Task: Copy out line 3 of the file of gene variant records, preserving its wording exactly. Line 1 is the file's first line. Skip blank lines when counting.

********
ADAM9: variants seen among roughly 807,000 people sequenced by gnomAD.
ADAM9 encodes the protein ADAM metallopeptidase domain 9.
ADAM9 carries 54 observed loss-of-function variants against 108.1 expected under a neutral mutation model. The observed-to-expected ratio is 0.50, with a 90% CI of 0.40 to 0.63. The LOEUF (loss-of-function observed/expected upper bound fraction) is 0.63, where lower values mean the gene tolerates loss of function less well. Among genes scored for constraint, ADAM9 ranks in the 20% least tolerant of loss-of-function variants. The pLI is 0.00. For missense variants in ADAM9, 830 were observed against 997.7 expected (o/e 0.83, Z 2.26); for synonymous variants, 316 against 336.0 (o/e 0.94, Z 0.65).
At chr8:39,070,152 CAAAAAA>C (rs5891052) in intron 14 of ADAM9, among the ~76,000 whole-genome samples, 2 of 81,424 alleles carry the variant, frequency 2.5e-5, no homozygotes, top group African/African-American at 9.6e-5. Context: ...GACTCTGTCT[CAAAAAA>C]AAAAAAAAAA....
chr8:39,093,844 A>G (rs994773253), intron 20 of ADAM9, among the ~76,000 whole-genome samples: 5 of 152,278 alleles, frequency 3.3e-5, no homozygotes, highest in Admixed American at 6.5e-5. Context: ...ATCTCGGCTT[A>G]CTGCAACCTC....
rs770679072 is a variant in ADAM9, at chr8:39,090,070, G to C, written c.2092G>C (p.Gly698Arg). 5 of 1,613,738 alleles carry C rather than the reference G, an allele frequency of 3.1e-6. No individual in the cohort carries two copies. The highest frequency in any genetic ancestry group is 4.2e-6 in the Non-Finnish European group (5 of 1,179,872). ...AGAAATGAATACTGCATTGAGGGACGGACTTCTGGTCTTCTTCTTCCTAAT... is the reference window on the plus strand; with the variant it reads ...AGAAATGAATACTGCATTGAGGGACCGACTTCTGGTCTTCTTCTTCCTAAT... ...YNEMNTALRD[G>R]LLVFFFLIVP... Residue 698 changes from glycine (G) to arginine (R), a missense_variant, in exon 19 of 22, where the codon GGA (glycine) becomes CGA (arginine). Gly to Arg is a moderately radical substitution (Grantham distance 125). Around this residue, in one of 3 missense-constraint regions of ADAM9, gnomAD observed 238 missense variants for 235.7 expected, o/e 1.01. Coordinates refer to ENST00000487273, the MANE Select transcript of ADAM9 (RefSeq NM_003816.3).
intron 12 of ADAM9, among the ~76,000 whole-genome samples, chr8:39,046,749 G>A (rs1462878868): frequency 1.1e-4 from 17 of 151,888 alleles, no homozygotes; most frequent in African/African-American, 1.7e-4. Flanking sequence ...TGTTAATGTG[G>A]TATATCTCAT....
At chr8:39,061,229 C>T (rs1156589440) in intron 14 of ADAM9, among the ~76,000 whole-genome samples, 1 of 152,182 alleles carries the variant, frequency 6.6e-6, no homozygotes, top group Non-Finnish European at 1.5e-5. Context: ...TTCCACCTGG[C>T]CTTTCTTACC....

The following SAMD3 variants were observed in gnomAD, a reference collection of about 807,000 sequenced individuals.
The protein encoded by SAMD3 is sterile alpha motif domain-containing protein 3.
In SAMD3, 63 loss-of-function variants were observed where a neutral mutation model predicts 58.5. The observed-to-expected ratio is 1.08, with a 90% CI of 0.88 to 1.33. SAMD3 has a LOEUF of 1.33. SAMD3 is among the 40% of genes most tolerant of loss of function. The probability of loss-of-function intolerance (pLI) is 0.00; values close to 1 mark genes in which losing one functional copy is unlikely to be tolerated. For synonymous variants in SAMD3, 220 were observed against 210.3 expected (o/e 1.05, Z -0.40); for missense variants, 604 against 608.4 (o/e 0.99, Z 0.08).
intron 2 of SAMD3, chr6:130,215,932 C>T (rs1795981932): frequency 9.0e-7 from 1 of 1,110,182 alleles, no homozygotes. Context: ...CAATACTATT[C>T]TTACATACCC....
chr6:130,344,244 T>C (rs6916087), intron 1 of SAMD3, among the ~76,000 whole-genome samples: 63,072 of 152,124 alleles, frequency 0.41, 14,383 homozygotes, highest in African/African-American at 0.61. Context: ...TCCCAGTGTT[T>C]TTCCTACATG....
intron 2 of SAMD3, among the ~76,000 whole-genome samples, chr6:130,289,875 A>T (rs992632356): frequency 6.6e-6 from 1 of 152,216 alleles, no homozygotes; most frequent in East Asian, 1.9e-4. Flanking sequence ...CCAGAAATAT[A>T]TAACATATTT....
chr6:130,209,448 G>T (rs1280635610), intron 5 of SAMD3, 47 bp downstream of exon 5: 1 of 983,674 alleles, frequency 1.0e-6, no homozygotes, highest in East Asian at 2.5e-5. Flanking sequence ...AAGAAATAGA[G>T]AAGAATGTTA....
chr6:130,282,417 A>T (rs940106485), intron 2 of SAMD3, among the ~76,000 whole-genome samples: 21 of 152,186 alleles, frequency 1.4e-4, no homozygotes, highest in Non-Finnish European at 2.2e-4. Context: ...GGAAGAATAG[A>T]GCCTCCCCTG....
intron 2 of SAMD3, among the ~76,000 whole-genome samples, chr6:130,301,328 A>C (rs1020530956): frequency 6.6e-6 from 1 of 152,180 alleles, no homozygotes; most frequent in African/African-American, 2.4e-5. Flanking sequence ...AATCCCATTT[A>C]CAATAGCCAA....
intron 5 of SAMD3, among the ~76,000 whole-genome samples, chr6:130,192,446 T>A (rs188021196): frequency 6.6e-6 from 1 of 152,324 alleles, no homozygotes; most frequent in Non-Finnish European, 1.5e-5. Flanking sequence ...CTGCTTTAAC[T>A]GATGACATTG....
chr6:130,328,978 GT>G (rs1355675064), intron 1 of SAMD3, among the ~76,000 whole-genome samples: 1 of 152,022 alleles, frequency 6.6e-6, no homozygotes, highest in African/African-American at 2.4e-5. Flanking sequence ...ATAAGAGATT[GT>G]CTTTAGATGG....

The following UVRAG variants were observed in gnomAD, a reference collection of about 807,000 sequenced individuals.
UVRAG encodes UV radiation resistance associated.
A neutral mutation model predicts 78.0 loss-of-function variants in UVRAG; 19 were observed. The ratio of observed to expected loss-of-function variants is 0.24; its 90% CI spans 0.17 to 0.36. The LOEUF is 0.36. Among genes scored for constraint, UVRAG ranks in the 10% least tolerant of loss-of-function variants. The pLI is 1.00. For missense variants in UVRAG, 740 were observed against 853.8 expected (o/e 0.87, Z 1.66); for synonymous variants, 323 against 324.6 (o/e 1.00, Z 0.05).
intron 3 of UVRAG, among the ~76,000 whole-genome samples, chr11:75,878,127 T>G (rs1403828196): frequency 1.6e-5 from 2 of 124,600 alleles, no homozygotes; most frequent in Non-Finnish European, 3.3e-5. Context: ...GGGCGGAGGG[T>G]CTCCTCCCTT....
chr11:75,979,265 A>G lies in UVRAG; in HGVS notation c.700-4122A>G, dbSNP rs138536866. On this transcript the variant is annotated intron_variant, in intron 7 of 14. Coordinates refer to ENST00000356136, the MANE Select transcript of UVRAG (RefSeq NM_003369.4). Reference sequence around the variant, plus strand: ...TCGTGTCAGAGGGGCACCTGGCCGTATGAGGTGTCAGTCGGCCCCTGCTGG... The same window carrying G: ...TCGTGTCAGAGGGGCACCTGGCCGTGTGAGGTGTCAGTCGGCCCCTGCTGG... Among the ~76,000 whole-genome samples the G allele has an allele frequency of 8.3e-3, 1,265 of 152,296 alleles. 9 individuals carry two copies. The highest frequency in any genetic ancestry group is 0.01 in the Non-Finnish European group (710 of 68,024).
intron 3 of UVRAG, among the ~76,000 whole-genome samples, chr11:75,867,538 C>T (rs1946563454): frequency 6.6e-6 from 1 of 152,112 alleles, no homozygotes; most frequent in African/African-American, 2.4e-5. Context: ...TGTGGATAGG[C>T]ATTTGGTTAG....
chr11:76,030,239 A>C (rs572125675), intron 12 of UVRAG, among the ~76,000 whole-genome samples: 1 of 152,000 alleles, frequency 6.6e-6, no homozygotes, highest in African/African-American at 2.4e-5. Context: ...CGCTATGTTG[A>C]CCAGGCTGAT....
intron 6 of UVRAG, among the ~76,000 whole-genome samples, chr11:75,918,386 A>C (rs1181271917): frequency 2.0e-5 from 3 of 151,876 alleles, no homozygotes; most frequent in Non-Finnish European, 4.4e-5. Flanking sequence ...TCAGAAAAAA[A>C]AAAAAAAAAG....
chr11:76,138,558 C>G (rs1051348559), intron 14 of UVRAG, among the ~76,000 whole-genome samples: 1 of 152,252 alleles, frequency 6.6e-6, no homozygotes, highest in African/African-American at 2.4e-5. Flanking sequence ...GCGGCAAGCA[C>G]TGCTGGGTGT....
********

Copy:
ADAM9 carries 54 observed loss-of-function variants against 108.1 expected under a neutral mutation model. The observed-to-expected ratio is 0.50, with a 90% CI of 0.40 to 0.63. The LOEUF (loss-of-function observed/expected upper bound fraction) is 0.63, where lower values mean the gene tolerates loss of function less well. Among genes scored for constraint, ADAM9 ranks in the 20% least tolerant of loss-of-function variants. The pLI is 0.00. For missense variants in ADAM9, 830 were observed against 997.7 expected (o/e 0.83, Z 2.26); for synonymous variants, 316 against 336.0 (o/e 0.94, Z 0.65).